As any exporter knows, winning a supply contract can demand squeezing margins uncomfortably to remain internationally competitive. It follows that when transport costs increase sharply, an exporter’s competitive edge can vanish – even though all other costs remain stable. Such a situation currently threatens many South African exporters, due to the exorbitant cost of moving goods through our country’s ports.
PRICEY YET POOR
A port benchmarking study, conducted in 2010 by the Ports Regulator of SA, suggests that our ports are considered high-cost, low-performance facilities. Of the 12 international ports selected, Durban was ranked the most expensive, yet it was less productive than several other ports in the survey.
For example, in 2008 Durban achieved 23 crane container moves per hour, whereas Antwerp in Belgium recorded 94; Santos in Brazil 60, Rotterdam in the Netherlands 58, Laem Chabang in Thailand 38, and Klang in Malaysia 35. And two years later, Durban’s figure had actually declined to 22. In 2008, the average container vessel turnaround time was 72 hours in Durban – higher than Los Angeles at 61, Rotterdam at 40, Santos at 38, Long Beach in the US at 24, and Laem Chabang at 12. According to the Ports Regulator, however, Durban has improved these figures since then, reducing the figure to 47 hours in 2009 and 45 hours in 2010.
South African ports have inherited numerous performance and pricing problems. These include a lack of competition, inefficient pricing across all eight commercial ports, an unclear and partly unjustified pricing methodology, a gross skewness of port revenues compared with costs, and insufficient information provided by the port authority to allow for a fair assessment of individual tariffs.
South Africa’s attempts to improve trade competitiveness partially lie in targeting below-inflation adjustments. From 2005 to 2008, the Transnet National Ports Authority (TNPA) tariff increases in cargo, marine and port dues were consistently below the country’s consumer price index (CPIX).
In 2009 and 2010, however, the increases were above the inflation rate. In other words, there was an increase in both the nominal and real cost of moving cargo through our ports. The Regulator uses a revenue requirement methodology to assess TNPA tariff applications, and approved an increase of 4,42% in 2010/11.
The allowed revenue for 2010/11 should have been R6,02 billion, but TNPA expected R6,59 billion, implying an over-recovery of R564 million. The Regulator determined that 34% of additional revenue was reasonable,so adjusted the tariff increases to spread the impact of over-recovery over two tariff determinations.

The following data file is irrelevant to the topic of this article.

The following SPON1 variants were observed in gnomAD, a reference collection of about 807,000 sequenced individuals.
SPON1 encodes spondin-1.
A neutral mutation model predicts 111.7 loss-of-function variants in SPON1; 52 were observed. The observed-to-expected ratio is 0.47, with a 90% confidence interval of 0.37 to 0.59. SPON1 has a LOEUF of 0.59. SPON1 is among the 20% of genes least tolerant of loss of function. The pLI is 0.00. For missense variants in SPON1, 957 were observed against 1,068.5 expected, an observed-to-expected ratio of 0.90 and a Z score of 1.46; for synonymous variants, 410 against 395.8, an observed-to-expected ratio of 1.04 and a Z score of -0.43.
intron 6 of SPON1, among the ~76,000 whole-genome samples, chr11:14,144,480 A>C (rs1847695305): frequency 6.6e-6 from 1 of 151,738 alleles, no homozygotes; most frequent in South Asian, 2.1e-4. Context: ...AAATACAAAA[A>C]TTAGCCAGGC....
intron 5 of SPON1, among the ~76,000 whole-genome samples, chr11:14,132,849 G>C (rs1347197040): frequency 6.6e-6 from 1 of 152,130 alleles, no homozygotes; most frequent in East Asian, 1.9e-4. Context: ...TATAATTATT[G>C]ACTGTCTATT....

Despite significant tariff reform, cargo dues, which provide 70% of TNPA’s total income, continue to be the most controversial port charge. Although TNPA proposed a tariff increase of 11,91% in 2011/12, several cargo dues increases were vastly more than this: 117% for chrome, 204% for vermiculite, 612,37% for wood chips, and 864,6% for molasses and products thereof.
Sappi also pointed out that wood pulp was charged at R41,09/t whereas hot and cold rolled steel coils were charged at R20,92/t, and recommended that cargo dues on break bulk be flat-rated. TNPA responded that there was a need to re-align tariffs on “certain commodities which were not aligned to similar commodities in the same industry utilising the same operating methods”.
The proposed tariff increases in 2011/12 arguably show these intentions, and include significant increases in the port prices of several agricultural bulk and break bulk products. However, TNPA did not provide enough information to allow the Regulator to make an assessment of individual tariffs. In the end, for 2011/12, the Regulator approved an overall tariff increase of only 4,49%, well below the proposed increase of 11,91% and slightly below the mean annual inflation rate of 5%.
In its 2012/13 tariff application, TNPA has converted its revenue requirement into a tariff increase of 18,06%, triple the SA Reserve Bank’s upper band for inflation-targeting – a CPI of 6%. If TNPA includes the revenues from its real estate, its increase would translate into a significantly more palatable 12,90%. It argues, however, that these revenues should not be included.
Is the revenue generated from an 18,06% tariff increase justifiable? To answer this, the Regulator has to consider several factors. One is TNPA’s proposed 10-year R8 billion development plan. If higher investment expenditures require higher revenues through increased port prices, then the underlying need for the investments, the cargo and capacity forecasts, and the timing of these projects, could all be questioned.
Although a price increase of 18,06% would be applied equally to all port cargoes, their ability to absorb it is certainly not equal. Typically, lower valued agricultural bulk and break bulk products are less able to absorb increased port costs than higher valued containerised cargoes. Ultimately, the Ports Regulator of SA will need to make a tough decision on the best way forward, and we will have to live with the consequences.
• Source: Port Pricing in South Africa (2011) by Mihalis Chasomeris.
• Contact Mihalis Chasomeris on 031 260 2575 or email [email protected] or [email protected]
• The views expressed in our weekly opinion piece do not necessarily reflect those of Farmer’s Weekly.